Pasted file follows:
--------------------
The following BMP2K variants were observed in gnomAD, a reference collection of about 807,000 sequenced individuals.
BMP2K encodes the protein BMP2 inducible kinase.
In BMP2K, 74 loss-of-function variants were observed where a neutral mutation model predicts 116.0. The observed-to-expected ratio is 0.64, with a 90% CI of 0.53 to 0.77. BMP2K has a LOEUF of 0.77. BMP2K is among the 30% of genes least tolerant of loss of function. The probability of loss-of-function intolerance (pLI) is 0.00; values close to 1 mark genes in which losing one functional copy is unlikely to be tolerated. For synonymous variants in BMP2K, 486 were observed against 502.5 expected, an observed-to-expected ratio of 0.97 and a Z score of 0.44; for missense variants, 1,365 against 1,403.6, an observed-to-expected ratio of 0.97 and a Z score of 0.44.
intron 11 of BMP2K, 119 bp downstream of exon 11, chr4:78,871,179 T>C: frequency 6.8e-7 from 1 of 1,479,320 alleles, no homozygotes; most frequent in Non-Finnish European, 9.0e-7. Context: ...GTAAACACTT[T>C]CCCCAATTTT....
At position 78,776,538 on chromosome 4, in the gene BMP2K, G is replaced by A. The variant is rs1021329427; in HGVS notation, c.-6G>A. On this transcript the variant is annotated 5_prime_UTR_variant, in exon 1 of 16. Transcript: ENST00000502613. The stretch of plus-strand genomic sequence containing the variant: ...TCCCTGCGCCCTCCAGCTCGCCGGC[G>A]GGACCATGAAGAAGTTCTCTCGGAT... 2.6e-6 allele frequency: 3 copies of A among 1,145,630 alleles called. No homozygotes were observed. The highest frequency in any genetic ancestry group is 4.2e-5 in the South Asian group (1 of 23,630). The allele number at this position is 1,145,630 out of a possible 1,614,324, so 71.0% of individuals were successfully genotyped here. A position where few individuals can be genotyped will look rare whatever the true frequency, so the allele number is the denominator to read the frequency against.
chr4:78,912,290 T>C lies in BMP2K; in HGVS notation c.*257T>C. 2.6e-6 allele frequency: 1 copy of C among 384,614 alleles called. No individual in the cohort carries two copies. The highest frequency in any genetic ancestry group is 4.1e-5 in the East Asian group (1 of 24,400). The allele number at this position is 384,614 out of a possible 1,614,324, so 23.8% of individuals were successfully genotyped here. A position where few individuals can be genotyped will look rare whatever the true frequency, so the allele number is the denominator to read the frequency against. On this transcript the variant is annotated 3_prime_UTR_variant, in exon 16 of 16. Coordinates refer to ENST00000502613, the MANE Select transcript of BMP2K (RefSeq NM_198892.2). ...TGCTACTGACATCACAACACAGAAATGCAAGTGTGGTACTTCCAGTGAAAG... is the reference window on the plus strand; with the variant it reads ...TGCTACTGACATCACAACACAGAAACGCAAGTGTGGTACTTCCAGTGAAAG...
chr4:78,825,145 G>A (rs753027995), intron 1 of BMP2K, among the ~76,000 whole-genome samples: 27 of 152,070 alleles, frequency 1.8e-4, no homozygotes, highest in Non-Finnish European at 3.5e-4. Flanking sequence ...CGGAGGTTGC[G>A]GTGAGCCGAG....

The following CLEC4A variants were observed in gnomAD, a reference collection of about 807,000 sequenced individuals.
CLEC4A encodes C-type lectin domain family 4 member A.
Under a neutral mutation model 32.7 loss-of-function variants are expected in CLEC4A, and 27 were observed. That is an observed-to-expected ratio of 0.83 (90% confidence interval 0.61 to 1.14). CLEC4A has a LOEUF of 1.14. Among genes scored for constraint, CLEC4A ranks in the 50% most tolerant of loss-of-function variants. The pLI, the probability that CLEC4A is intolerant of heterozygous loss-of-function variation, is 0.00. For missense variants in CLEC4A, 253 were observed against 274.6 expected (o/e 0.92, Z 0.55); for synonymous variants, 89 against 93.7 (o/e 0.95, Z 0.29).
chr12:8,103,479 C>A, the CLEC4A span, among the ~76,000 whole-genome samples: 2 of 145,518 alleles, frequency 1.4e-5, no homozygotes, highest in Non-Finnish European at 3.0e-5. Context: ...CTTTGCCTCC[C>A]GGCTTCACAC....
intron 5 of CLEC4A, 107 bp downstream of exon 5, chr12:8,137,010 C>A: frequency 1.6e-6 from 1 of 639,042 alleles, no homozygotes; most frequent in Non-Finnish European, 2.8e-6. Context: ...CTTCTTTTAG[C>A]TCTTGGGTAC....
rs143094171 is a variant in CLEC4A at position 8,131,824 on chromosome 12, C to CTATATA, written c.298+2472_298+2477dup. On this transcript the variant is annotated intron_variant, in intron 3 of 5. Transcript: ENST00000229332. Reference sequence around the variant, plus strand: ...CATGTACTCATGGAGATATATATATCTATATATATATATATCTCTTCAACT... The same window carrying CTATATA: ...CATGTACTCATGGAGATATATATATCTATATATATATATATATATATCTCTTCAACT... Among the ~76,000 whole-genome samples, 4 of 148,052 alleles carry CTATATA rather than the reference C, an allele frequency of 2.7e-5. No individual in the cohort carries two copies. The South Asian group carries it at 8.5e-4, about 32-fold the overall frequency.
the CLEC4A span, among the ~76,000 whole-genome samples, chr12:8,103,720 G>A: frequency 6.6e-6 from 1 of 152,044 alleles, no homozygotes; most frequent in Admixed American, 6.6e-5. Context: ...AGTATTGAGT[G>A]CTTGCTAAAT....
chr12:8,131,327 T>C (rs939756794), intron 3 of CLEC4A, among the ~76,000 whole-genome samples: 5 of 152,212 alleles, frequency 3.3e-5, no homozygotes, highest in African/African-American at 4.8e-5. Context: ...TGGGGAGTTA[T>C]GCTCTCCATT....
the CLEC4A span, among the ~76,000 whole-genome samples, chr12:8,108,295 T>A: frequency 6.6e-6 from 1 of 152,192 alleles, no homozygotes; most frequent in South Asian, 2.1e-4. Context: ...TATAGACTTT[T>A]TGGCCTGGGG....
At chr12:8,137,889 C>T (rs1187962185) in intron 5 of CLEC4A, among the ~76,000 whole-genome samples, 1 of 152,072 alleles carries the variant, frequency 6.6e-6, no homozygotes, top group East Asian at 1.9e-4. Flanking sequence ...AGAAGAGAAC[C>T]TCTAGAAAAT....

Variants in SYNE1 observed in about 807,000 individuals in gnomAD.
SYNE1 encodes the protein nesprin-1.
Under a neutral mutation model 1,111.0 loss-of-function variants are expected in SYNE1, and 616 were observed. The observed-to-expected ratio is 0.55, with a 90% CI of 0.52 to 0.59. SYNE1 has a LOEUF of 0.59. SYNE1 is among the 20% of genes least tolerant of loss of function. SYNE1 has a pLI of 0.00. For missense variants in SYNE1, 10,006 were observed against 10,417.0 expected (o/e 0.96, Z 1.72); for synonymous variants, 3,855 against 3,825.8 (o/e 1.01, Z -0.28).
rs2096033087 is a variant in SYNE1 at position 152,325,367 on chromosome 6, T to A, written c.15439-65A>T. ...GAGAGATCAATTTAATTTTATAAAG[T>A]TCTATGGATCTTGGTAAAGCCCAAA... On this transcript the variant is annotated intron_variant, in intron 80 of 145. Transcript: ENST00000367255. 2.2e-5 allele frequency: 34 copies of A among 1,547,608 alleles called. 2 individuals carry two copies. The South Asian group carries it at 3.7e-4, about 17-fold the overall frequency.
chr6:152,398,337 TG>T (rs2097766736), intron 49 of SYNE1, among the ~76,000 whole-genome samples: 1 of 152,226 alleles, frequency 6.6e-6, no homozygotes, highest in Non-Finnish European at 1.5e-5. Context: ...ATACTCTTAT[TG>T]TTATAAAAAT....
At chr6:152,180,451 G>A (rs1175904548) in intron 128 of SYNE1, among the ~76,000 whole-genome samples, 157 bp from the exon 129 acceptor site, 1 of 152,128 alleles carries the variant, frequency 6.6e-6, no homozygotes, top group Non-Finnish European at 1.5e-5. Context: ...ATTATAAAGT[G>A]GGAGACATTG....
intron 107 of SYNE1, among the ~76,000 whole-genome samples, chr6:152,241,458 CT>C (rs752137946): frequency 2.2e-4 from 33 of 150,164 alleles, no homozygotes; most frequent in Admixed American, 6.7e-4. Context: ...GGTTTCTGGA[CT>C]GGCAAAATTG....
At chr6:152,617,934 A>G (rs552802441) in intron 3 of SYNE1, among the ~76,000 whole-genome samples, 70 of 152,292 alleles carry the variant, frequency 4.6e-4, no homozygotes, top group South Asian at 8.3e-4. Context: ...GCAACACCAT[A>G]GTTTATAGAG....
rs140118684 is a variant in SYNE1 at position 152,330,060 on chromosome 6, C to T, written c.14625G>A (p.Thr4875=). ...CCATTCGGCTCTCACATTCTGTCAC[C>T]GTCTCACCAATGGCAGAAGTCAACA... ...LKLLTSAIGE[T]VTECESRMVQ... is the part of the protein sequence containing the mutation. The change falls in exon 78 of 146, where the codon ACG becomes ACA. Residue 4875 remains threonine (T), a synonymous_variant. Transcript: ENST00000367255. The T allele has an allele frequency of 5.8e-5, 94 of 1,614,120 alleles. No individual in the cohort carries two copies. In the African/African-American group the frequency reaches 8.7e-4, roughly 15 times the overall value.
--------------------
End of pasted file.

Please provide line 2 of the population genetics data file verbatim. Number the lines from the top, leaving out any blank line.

BMP2K encodes the protein BMP2 inducible kinase.